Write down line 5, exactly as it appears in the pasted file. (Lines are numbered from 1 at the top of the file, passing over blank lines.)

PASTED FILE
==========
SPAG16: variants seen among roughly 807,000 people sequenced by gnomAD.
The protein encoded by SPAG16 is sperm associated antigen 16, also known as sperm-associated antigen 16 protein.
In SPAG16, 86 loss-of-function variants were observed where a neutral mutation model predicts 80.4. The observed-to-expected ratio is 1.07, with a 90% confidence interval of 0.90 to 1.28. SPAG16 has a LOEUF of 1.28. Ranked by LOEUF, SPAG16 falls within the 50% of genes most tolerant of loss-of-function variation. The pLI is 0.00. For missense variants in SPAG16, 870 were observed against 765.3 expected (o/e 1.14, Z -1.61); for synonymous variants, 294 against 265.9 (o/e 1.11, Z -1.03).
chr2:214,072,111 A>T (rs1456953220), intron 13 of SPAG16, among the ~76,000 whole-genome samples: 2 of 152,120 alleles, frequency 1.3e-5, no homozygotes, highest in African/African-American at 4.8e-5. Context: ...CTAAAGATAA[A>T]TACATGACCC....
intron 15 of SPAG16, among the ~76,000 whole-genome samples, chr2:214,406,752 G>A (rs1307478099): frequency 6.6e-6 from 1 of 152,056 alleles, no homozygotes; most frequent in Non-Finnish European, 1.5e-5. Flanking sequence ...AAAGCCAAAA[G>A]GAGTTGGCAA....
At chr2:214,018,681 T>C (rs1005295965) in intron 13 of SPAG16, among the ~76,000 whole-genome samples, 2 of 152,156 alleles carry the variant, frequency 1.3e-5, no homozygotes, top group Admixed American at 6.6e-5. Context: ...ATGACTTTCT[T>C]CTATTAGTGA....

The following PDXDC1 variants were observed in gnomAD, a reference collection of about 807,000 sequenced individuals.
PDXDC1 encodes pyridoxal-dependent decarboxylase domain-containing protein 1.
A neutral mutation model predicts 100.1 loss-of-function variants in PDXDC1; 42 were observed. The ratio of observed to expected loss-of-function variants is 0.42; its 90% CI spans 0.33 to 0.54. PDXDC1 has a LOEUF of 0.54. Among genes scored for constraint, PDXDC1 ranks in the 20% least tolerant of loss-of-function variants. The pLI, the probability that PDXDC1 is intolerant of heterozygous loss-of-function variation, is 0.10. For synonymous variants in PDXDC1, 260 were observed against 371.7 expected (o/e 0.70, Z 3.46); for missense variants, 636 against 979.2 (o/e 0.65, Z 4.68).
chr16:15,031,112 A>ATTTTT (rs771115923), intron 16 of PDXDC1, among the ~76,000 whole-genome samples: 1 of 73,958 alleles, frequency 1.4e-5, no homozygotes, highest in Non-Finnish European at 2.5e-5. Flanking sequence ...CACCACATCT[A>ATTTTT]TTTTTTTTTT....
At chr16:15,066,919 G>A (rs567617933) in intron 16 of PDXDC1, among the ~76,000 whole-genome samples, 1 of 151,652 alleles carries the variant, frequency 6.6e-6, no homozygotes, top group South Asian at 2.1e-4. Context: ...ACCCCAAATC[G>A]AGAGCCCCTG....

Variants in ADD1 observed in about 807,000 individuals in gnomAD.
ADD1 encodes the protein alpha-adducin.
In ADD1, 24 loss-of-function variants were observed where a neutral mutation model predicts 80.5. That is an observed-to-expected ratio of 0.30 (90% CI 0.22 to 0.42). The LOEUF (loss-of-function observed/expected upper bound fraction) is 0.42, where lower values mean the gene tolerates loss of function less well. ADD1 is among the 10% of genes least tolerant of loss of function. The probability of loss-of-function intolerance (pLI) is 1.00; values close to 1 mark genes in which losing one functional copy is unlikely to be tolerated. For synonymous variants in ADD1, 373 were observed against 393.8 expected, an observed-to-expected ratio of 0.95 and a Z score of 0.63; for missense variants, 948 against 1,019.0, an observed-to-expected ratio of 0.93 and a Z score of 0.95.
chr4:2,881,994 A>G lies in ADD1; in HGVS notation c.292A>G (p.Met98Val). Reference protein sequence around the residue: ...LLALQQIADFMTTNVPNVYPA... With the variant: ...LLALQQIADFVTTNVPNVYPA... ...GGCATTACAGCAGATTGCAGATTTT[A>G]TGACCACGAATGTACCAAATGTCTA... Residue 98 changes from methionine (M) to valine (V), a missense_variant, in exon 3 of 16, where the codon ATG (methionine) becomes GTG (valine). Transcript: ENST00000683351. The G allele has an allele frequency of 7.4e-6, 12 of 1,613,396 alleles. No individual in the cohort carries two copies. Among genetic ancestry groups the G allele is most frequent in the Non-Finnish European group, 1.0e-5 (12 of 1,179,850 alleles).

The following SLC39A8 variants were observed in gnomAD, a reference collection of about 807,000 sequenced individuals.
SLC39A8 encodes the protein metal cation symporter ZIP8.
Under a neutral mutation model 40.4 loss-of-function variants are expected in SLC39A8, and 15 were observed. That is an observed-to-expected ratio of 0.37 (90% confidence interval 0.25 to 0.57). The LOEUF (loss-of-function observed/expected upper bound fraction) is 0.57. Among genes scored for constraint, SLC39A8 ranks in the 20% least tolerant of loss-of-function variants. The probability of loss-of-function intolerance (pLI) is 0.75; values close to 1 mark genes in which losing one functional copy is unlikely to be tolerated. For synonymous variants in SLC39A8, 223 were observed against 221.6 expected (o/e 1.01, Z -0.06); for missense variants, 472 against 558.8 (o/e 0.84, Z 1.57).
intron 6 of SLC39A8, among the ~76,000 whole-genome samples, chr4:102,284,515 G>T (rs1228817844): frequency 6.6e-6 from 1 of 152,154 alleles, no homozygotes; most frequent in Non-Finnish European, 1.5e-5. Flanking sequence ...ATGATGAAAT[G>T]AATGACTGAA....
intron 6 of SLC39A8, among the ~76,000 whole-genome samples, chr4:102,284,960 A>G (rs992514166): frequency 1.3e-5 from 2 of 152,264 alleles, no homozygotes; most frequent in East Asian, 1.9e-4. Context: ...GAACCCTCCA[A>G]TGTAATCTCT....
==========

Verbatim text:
intron 15 of SPAG16, among the ~76,000 whole-genome samples, chr2:214,406,752 G>A (rs1307478099): frequency 6.6e-6 from 1 of 152,056 alleles, no homozygotes; most frequent in Non-Finnish European, 1.5e-5. Flanking sequence ...AAAGCCAAAA[G>A]GAGTTGGCAA....